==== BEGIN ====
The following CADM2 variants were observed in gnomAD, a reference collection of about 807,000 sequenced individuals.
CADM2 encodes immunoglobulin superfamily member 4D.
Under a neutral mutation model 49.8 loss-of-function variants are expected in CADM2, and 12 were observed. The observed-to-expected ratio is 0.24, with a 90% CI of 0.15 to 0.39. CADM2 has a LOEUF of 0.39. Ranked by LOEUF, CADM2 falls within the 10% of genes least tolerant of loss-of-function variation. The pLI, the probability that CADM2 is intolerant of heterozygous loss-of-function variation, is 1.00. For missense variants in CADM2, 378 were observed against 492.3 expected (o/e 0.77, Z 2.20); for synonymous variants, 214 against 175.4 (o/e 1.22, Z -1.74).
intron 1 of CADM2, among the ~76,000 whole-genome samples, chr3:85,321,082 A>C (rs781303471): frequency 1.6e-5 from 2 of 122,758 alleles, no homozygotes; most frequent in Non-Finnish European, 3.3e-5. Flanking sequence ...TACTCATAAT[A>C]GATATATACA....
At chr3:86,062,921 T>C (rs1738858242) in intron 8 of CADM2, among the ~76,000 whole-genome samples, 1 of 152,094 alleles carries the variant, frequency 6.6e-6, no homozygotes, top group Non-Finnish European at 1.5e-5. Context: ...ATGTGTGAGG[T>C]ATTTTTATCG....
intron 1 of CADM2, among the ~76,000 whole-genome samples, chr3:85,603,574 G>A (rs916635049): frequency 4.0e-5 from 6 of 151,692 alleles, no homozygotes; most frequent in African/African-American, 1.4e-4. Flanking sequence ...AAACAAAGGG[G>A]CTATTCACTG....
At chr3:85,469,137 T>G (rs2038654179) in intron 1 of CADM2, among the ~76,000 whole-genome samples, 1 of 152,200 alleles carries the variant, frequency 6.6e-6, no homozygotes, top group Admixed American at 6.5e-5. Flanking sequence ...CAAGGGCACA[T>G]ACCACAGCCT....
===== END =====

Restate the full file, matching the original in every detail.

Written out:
The following CADM2 variants were observed in gnomAD, a reference collection of about 807,000 sequenced individuals.
CADM2 encodes immunoglobulin superfamily member 4D.
Under a neutral mutation model 49.8 loss-of-function variants are expected in CADM2, and 12 were observed. The observed-to-expected ratio is 0.24, with a 90% CI of 0.15 to 0.39. CADM2 has a LOEUF of 0.39. Ranked by LOEUF, CADM2 falls within the 10% of genes least tolerant of loss-of-function variation. The pLI, the probability that CADM2 is intolerant of heterozygous loss-of-function variation, is 1.00. For missense variants in CADM2, 378 were observed against 492.3 expected (o/e 0.77, Z 2.20); for synonymous variants, 214 against 175.4 (o/e 1.22, Z -1.74).
intron 1 of CADM2, among the ~76,000 whole-genome samples, chr3:85,321,082 A>C (rs781303471): frequency 1.6e-5 from 2 of 122,758 alleles, no homozygotes; most frequent in Non-Finnish European, 3.3e-5. Flanking sequence ...TACTCATAAT[A>C]GATATATACA....
At chr3:86,062,921 T>C (rs1738858242) in intron 8 of CADM2, among the ~76,000 whole-genome samples, 1 of 152,094 alleles carries the variant, frequency 6.6e-6, no homozygotes, top group Non-Finnish European at 1.5e-5. Context: ...ATGTGTGAGG[T>C]ATTTTTATCG....
intron 1 of CADM2, among the ~76,000 whole-genome samples, chr3:85,603,574 G>A (rs916635049): frequency 4.0e-5 from 6 of 151,692 alleles, no homozygotes; most frequent in African/African-American, 1.4e-4. Flanking sequence ...AAACAAAGGG[G>A]CTATTCACTG....
At chr3:85,469,137 T>G (rs2038654179) in intron 1 of CADM2, among the ~76,000 whole-genome samples, 1 of 152,200 alleles carries the variant, frequency 6.6e-6, no homozygotes, top group Admixed American at 6.5e-5. Flanking sequence ...CAAGGGCACA[T>G]ACCACAGCCT....